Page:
Assurance of sustainability reports is meant to tell us that the reporting has been done properly. Shouldn’t that question be answered from the perspective of the people most affected by an organisation’s actions?
Economic theory depends on accounting – yet it ignores the role of accounting in distributing value. Why does that matter? Because it limits the potential contribution of economics in resolving today's social and environmental crises.
Most companies’ sustainability reports still fail to capture what matters to the people who actually experience the impacts. Assurance can help us put them and their wellbeing high up on the agenda – and push us to keep improving.
Company directors’ reliance on international accounting standards means sustainability issues are currently reported separately, if at all. But there are steps they can take to better meet their legal responsibilities, says our columnist.
The financial accounting system we use today is hurtling towards irrelevance, undermined by the very inequality to which it has contributed. It's time to change how profit is calculated – before it's too late.
Our financial accounting systems were designed by white men, for white men – with disastrous implications for people and planet. Could a gender lens help us reshape an accounting system built on empathy and that works for the majority?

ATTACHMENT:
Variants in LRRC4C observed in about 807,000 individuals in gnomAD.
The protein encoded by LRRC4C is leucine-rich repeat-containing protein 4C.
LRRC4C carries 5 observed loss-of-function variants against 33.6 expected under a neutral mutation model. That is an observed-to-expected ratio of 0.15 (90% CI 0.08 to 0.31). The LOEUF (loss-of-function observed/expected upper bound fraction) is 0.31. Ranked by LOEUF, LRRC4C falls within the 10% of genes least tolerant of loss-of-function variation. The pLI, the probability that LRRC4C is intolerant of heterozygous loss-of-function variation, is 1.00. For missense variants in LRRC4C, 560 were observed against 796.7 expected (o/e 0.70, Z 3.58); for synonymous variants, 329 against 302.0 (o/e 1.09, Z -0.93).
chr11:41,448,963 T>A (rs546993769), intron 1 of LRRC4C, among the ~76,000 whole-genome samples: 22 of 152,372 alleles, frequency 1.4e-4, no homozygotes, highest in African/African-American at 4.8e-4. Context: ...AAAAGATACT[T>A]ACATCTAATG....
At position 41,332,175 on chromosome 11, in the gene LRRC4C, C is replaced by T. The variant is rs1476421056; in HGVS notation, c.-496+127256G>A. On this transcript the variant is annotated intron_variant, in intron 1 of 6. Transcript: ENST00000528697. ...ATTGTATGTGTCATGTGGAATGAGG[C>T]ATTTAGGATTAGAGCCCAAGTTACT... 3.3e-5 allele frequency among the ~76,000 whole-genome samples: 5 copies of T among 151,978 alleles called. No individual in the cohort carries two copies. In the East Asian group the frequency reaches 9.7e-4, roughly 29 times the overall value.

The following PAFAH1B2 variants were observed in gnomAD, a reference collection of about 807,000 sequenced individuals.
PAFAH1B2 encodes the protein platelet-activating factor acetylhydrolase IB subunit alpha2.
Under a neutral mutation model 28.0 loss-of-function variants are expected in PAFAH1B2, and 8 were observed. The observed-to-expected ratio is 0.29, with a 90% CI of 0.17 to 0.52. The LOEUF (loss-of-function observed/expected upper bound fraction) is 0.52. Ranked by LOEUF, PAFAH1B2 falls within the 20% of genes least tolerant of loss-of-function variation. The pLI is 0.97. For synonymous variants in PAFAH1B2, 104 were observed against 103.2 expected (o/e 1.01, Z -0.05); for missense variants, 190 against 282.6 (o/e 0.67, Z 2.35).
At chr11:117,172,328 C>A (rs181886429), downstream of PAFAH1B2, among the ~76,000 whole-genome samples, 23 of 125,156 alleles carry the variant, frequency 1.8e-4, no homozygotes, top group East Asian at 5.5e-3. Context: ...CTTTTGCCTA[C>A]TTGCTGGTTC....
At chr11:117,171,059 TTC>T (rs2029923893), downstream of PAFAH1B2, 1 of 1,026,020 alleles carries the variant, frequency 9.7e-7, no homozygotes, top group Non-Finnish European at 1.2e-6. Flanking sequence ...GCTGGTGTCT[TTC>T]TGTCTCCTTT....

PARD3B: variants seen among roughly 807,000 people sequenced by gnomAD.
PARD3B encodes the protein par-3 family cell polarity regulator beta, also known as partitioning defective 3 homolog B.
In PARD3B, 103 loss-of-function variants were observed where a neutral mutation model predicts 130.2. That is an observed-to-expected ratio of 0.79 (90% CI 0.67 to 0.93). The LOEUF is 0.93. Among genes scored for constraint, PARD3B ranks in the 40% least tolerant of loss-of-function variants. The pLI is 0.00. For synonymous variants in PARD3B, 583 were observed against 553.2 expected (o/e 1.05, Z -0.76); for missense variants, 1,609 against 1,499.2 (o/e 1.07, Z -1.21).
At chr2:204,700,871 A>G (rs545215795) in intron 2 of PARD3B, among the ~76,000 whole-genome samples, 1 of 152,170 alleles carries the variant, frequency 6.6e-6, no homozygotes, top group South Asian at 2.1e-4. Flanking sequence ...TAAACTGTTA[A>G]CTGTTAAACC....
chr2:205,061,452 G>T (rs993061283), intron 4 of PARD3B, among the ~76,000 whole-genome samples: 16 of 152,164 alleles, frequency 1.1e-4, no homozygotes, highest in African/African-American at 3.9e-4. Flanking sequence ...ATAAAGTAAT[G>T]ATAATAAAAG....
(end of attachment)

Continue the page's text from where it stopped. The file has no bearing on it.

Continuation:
We need ‘warrior accountants’ who must do more than help “standardise ESG”, warns Jeremy Nicholls. The risks of depending on declining environmental resources or below-standard working conditions must also be “managed and reported".
From game-changing SDG standards to better integration with environmental value, the CEO of Social Value UK and Social Value International summarises some of the year's most important milestones in social impact management.
Covid-19 has sparked renewed interest among business leaders to better understand their true impact on communities and the environment. But meaningful measurement remains elusive – and experts say standardisation is urgent.